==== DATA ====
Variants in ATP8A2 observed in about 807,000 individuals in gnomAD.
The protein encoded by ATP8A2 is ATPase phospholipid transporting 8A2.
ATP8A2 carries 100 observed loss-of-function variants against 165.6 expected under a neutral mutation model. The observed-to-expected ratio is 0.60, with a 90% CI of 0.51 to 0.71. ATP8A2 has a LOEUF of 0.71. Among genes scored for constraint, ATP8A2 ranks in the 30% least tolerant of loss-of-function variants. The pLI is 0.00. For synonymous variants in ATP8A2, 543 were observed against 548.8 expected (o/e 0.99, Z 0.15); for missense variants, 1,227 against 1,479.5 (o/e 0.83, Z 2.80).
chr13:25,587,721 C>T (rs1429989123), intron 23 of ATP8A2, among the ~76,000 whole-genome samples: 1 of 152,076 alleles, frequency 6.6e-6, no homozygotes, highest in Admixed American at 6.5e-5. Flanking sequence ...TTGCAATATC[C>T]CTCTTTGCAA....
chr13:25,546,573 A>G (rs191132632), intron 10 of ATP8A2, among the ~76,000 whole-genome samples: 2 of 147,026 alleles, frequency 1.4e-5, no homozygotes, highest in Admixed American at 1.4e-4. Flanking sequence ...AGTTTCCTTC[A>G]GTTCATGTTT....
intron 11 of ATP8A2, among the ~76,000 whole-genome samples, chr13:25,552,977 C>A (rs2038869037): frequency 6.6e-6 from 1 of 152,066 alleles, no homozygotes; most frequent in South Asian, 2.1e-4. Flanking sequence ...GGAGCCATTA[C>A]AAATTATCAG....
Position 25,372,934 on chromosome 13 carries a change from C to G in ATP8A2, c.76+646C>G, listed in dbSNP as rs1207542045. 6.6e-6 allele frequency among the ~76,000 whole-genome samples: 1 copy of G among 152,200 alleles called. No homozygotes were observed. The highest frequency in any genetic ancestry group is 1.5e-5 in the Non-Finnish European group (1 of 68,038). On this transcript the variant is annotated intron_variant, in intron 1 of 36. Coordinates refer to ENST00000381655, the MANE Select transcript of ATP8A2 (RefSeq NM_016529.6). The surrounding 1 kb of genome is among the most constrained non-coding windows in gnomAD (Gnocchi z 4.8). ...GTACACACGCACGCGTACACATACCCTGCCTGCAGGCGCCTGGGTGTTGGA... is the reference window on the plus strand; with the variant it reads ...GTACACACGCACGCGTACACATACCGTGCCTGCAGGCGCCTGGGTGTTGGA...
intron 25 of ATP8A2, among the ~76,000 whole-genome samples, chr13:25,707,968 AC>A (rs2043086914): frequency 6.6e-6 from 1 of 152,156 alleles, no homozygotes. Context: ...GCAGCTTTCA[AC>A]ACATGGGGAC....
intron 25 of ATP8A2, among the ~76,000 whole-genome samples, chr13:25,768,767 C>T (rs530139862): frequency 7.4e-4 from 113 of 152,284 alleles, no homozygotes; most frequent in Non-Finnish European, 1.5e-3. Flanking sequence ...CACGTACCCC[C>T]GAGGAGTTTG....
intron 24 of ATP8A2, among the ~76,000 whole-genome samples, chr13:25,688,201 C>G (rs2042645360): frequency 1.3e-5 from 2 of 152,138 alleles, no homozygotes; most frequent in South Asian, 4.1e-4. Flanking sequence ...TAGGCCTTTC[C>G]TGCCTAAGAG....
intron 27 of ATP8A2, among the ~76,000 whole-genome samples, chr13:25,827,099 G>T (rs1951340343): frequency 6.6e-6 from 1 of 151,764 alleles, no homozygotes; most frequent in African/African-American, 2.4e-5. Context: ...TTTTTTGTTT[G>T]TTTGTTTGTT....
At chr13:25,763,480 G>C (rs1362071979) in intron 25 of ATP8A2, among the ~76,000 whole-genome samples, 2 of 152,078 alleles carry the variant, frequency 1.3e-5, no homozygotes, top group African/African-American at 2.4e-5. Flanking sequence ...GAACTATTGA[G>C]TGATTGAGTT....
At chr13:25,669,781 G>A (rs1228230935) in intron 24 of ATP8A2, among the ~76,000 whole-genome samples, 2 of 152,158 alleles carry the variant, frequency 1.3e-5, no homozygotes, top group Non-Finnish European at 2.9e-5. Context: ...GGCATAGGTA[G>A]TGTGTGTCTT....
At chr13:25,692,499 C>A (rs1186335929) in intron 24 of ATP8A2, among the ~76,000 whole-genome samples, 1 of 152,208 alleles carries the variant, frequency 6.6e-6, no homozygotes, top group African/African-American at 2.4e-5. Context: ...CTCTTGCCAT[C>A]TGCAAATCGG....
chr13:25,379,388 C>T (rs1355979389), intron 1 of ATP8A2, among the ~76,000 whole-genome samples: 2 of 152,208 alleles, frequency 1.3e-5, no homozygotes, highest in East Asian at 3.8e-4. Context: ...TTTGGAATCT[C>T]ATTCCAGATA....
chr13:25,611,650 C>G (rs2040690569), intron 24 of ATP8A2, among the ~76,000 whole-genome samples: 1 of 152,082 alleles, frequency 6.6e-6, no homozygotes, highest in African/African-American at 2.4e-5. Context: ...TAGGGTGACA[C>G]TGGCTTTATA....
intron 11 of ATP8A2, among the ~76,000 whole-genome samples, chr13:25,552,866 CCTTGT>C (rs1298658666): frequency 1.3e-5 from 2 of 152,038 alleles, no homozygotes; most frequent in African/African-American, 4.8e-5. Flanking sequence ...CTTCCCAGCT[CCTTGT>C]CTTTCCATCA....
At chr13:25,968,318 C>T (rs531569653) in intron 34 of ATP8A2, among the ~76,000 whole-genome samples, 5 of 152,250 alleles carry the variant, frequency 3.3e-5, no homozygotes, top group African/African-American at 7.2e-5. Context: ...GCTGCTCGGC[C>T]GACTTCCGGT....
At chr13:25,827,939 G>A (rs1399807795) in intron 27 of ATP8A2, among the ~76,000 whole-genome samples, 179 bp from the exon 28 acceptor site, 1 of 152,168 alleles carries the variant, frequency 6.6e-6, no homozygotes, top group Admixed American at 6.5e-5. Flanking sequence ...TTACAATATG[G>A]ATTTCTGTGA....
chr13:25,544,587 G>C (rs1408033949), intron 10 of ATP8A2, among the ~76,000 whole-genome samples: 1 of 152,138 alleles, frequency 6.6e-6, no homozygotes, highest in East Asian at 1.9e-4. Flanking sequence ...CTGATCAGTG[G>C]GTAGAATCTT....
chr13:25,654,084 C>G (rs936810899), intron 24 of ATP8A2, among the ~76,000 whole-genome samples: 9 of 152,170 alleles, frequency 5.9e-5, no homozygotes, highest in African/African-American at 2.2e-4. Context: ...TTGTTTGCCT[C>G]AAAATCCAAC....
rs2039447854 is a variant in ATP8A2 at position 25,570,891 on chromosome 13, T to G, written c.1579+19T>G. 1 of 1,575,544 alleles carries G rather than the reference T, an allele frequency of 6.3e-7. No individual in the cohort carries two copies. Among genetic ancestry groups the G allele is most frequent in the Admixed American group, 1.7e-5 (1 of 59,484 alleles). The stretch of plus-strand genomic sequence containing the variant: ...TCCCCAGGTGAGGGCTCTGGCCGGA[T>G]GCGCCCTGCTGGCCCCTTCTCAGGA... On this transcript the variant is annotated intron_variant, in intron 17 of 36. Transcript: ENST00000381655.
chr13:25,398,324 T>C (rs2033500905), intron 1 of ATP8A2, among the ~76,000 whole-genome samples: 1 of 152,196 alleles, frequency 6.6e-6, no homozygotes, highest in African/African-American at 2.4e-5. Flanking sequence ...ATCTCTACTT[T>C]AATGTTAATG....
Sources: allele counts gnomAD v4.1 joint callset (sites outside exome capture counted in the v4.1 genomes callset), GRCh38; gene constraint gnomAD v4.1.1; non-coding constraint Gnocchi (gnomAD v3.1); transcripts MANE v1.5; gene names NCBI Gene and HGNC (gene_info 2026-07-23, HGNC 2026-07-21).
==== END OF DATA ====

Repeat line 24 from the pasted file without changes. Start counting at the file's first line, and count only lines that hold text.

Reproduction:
Sources: allele counts gnomAD v4.1 joint callset (sites outside exome capture counted in the v4.1 genomes callset), GRCh38; gene constraint gnomAD v4.1.1; non-coding constraint Gnocchi (gnomAD v3.1); transcripts MANE v1.5; gene names NCBI Gene and HGNC (gene_info 2026-07-23, HGNC 2026-07-21).